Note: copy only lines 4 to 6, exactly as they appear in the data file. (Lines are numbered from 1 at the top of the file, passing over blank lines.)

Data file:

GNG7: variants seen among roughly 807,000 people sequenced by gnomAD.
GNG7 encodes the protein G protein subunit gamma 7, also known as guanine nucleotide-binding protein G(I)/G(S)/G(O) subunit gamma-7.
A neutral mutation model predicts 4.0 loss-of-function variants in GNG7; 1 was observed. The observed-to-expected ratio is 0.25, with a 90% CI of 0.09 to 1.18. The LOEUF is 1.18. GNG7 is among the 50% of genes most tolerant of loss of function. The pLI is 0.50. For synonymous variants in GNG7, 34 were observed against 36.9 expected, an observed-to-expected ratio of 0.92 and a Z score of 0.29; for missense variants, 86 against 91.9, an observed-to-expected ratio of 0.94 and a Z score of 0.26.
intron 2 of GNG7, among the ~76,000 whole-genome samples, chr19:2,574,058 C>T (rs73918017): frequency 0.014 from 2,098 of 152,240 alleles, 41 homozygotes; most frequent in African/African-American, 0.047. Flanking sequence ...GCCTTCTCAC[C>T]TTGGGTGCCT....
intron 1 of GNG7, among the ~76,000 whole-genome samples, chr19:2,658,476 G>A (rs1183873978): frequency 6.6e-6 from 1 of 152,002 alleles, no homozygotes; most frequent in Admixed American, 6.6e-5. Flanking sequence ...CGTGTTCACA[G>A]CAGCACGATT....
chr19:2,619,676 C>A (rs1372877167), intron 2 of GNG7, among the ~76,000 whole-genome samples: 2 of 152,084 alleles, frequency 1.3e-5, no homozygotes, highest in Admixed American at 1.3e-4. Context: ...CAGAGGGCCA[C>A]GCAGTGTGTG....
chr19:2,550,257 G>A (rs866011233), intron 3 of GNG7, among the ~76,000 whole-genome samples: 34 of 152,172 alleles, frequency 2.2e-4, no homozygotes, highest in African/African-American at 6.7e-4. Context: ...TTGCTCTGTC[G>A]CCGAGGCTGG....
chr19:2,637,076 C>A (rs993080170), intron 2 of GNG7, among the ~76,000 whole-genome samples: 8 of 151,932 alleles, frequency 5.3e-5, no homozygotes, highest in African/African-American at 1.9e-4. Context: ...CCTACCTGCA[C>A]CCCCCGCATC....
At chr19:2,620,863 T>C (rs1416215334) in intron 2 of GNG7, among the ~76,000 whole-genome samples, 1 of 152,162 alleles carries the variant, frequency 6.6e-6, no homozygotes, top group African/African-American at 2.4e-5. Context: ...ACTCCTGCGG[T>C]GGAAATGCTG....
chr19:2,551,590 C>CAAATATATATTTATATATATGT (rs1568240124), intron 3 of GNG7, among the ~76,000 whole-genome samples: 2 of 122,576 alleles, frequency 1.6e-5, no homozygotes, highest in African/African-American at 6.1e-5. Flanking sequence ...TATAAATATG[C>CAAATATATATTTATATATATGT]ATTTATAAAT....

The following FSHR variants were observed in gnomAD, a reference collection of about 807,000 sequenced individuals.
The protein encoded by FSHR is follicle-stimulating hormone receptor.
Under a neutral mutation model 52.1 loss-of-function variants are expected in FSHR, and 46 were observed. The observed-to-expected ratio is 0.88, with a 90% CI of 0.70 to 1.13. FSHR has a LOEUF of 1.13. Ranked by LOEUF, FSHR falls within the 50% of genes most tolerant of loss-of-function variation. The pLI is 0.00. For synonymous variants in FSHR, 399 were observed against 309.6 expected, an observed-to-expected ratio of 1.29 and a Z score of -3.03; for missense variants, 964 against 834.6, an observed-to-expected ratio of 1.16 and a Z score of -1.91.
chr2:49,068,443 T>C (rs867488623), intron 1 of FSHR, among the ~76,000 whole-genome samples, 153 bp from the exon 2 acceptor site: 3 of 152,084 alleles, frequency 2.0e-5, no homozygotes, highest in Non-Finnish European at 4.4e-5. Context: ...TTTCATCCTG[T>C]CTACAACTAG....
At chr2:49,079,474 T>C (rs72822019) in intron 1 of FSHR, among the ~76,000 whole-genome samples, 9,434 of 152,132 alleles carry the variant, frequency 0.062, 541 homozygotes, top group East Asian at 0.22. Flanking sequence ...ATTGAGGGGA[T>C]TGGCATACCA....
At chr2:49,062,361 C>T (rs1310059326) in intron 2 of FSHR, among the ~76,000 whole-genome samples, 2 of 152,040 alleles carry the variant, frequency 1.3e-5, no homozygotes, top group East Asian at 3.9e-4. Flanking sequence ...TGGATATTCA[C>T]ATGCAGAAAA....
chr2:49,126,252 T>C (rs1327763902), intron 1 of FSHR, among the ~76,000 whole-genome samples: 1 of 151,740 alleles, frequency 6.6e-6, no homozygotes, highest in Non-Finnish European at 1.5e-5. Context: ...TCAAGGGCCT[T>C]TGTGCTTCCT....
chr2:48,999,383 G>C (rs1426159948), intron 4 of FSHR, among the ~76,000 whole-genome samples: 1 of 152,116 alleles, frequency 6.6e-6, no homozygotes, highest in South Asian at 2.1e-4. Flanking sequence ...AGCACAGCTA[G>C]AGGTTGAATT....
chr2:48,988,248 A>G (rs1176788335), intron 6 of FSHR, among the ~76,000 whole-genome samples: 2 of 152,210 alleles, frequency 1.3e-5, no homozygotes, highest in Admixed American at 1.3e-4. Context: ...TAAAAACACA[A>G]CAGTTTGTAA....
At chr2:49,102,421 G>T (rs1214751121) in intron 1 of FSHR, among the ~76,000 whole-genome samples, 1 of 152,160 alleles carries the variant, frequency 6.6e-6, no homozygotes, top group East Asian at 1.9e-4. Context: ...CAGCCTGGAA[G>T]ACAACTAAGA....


intron 2 of GNG7, among the ~76,000 whole-genome samples, chr19:2,574,058 C>T (rs73918017): frequency 0.014 from 2,098 of 152,240 alleles, 41 homozygotes; most frequent in African/African-American, 0.047. Flanking sequence ...GCCTTCTCAC[C>T]TTGGGTGCCT....
intron 1 of GNG7, among the ~76,000 whole-genome samples, chr19:2,658,476 G>A (rs1183873978): frequency 6.6e-6 from 1 of 152,002 alleles, no homozygotes; most frequent in Admixed American, 6.6e-5. Flanking sequence ...CGTGTTCACA[G>A]CAGCACGATT....
chr19:2,619,676 C>A (rs1372877167), intron 2 of GNG7, among the ~76,000 whole-genome samples: 2 of 152,084 alleles, frequency 1.3e-5, no homozygotes, highest in Admixed American at 1.3e-4. Context: ...CAGAGGGCCA[C>A]GCAGTGTGTG....